Monday, October 29, 2007

Author Interview: Marta Acosta on Happy Hour at Casa Dracula and Midnight Brunch

Marta Acosta received a degree in English Literature and Creative Writing from Stanford University and "is a frequent contributor of humor, gardening and design columns to The San Francisco Chronicle and The Contra Costa Newspapers." She lives in the San Francisco Bay area.

Could you tell us about your path to publication? Any sprints or stumbles along the way?

My path to publication was like going into the Great Mall of America, intending to buy a pair of Hello Kitty socks, and getting detoured, lost, confused, and distracted for an excessively long time. I was lucky enough to eventually get out with the socks.

My first detour was having the delusion that selling a screenplay was easier than selling a novel. It isn't, and, as a friend of mine once informed me, "It's who you know, and you don't know anyone." My second detour was writing a rather cynical (okay, a really cynical) noir thriller. Editors thought it was well written and original, but not marketable. I'd always written humor to entertain my friends and myself, and it occurred to me that I should write a funny novel.

Congratulations on the rave reception to both Happy Hour at Casa Dracula (Pocket, 2006)(excerpt) and Midnight Brunch (Pocket, 2007) from the Casa Dracula series! Could you give us a brief overview of the books?

My heroine, Milagro, has a degree in writing from a Fancy University (F.U.), but she can't seem to make a decent living. She's a funny, good-natured, smart young woman who likes having a good time and is serious about her writing. She worries that she's too frivolous and wants a serious relationship and to be seen as a serious person. She meets "a fabulous man" and accidentally becomes infected with his family's condition. The "condition" would generally be called "vampirism."

When the vampires' enemies discover that Milagro is infected, they pursue her and she's forced to hide out with the wealthy, accomplished vampires at their country estate. She thinks they're snobs, and they think she's a tacky skank. The vamp enemies track them down, capture them, and endanger the whole family. Milagro uses her wits, wiles, and courage when she goes to save the vamps. The vamp family comes to appreciate Milagro and she finds a home with them. The second in the series, Midnight Brunch, follows her further adventures with nuts, extremists, and egoists.

What was your initial inspiration for creating this series?

I love screwball comedies, comedies of manners, comic romances, all that stuff. So I wanted to write a story with an impoverished, independent young woman trying to make her way in the world. I also wanted to spoof the vampire conventions of these angsty, supernatural creatures. My vamps know how to throw a party, laugh, and fall in love.

What was the timeline between spark and initial publication, and what were the major events along the way?

I had the idea, but wrote sporadically. I was working full time, busy with my family life, and writing other projects, too. So the book took me two years to complete, on the occasional weekend and evening. It took about six months to get an agent, a few months to do a rewrite and for her to sell it in a two-book deal. And once the sale was made, it was at least a year before publication. Things happened faster later.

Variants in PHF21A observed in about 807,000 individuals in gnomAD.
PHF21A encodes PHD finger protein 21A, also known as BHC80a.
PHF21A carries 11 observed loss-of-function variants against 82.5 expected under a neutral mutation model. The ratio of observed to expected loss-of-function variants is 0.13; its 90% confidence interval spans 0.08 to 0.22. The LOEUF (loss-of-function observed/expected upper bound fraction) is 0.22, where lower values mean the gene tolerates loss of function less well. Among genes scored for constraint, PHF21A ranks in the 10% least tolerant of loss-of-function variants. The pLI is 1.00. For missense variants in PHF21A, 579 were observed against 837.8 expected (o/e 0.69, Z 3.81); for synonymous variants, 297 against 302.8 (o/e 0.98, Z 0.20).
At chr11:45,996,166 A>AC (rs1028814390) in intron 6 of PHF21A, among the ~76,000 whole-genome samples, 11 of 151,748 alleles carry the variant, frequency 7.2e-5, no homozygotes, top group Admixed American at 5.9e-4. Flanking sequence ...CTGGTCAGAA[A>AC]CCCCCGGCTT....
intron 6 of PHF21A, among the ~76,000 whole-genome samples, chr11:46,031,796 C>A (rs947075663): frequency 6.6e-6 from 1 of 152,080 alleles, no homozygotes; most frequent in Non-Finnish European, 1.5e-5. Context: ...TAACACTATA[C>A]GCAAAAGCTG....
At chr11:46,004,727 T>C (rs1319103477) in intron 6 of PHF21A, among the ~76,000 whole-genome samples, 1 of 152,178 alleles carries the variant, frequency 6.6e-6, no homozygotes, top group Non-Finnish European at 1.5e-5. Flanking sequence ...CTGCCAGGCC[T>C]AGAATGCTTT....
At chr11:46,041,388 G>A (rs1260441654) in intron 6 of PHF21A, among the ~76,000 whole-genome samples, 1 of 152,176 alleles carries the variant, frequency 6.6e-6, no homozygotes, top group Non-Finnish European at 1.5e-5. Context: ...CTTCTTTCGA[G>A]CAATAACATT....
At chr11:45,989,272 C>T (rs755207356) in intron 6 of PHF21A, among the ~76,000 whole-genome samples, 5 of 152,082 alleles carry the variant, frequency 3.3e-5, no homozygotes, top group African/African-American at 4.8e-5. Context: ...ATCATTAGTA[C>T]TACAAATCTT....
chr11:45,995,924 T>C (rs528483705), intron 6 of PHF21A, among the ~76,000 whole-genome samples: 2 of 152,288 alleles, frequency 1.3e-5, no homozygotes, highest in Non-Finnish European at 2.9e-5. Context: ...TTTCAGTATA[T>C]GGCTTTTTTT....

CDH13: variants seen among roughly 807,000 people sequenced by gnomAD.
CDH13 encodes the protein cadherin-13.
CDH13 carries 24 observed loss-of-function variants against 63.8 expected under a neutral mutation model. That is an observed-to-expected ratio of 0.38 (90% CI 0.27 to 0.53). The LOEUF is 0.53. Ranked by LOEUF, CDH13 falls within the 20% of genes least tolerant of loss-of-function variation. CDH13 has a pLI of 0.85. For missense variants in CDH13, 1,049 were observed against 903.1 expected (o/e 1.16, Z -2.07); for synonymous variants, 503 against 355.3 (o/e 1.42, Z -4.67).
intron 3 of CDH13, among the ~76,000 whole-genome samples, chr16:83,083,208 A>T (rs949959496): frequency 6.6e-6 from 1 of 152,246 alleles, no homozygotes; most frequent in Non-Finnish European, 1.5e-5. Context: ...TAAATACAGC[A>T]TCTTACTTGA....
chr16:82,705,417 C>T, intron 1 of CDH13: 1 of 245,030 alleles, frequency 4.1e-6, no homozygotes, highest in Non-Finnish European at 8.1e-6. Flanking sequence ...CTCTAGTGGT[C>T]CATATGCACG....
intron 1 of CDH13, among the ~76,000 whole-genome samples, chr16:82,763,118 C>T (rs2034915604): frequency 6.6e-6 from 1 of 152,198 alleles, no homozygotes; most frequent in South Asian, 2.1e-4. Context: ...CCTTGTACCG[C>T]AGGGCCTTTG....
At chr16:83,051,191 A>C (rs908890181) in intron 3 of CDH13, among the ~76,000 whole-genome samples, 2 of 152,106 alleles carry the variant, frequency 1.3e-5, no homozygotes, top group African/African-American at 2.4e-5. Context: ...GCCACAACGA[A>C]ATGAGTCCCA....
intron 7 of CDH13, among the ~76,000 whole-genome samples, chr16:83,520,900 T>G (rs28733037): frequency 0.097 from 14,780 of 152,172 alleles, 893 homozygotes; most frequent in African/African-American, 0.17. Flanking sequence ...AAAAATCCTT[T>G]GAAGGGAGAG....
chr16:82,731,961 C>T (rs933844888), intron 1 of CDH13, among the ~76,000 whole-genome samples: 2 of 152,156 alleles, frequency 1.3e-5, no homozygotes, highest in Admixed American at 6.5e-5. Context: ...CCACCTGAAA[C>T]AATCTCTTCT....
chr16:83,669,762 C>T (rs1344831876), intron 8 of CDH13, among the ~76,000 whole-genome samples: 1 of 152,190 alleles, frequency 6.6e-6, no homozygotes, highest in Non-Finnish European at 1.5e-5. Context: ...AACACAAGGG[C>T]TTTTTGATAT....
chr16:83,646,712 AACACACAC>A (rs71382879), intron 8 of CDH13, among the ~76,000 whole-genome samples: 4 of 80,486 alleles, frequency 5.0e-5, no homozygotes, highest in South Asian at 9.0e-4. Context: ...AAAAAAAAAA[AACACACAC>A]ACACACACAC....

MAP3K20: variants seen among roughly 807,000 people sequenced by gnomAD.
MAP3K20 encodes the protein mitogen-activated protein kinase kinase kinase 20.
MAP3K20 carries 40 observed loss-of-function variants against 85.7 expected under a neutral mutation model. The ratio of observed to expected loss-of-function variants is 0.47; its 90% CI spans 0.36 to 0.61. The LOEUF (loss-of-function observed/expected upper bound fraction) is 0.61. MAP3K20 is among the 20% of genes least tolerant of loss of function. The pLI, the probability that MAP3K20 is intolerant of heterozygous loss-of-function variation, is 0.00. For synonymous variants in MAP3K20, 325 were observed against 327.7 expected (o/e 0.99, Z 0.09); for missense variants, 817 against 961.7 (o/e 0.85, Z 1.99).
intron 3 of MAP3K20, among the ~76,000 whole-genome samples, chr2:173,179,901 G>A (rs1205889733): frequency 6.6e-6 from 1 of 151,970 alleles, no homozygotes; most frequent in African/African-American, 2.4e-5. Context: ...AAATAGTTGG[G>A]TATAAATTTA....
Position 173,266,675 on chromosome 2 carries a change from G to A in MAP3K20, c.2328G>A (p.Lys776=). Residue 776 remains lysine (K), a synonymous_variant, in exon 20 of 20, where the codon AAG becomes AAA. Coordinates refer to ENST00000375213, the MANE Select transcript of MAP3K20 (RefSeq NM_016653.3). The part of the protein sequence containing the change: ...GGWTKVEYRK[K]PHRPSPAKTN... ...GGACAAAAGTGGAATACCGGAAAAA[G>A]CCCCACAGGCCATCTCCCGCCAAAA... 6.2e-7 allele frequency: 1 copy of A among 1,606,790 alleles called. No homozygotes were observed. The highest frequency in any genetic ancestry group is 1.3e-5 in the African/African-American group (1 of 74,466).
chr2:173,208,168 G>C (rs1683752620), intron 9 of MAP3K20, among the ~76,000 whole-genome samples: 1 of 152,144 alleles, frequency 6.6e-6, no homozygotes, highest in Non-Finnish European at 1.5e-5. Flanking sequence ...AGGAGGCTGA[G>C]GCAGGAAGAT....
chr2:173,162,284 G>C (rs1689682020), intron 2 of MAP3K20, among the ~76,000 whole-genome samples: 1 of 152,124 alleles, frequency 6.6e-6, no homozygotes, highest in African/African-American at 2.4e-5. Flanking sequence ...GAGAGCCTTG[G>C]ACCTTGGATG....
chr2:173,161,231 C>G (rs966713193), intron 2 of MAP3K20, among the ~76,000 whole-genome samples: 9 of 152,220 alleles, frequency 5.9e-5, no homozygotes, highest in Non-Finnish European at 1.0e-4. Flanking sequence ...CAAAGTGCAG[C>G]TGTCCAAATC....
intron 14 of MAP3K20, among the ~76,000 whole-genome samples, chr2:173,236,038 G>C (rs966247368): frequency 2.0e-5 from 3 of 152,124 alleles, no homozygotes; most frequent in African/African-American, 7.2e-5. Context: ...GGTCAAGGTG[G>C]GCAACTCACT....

What were the challenges (literary, artistic, research, psychological, and logistical) in bringing it to life?

The challenge is fight self-doubt and discouragement. The publishing business makes no sense to me. I think it shouldn't even be called a business. It should be called a whimsy, or maybe a caprice. Some people will like your writing; others will hate it. You can't take it personally.

If you could go back and talk to yourself when you were beginning in this field, what advice would you offer?

The advice I would offer is no longer applicable since newspapers are vanishing, but it would be to establish oneself as a writer by writing newspaper columns and articles. It teaches one to write on deadline, to write to an audience, to accept editing, and to do research. Also, getting paid for your writing is fab.

Any advice for series writers specifically?

I'd written Happy Hour at Casa Dracula as a single-title, and I was pleasantly surprised when my editor asked for another. You must find your characters interesting enough that you want to stay with them and follow them.

How do you balance writing with your responsibilities (promotion, contracts, travel) as an author?

I don't. I find myself back in that damn mall, being lured into stores that don't have socks and thinking that a ride on the roller coaster would be fun.

What can your fans look forward to next?

I just handed in the manuscript to my third novel, The Bride of Casa Dracula, which will be published in September 2008. Alas, I am once again throwing poor Milagro into dangerous situations, but that's her fate. I'm also writing a Gothic young adult novel that I'm excited about. It's set at an exclusive, all-girls school with a dark secret. Dark secrets are the best kind, and I love Gothic fiction.

Is there anything you would like to add?

Yes, I'm always happy to hear from readers. My email is, and my website is I'm also on MySpace and trying to figure out FaceBook.

Spooky Notes

This interview is half of a discussion that the two of us are having vamp to vamp, blog to blog. See her brand new interview with me, and leave a comment to win a prize. A winner will be chosen on Friday! Likewise, leave a comment with me at Cynsations LJ!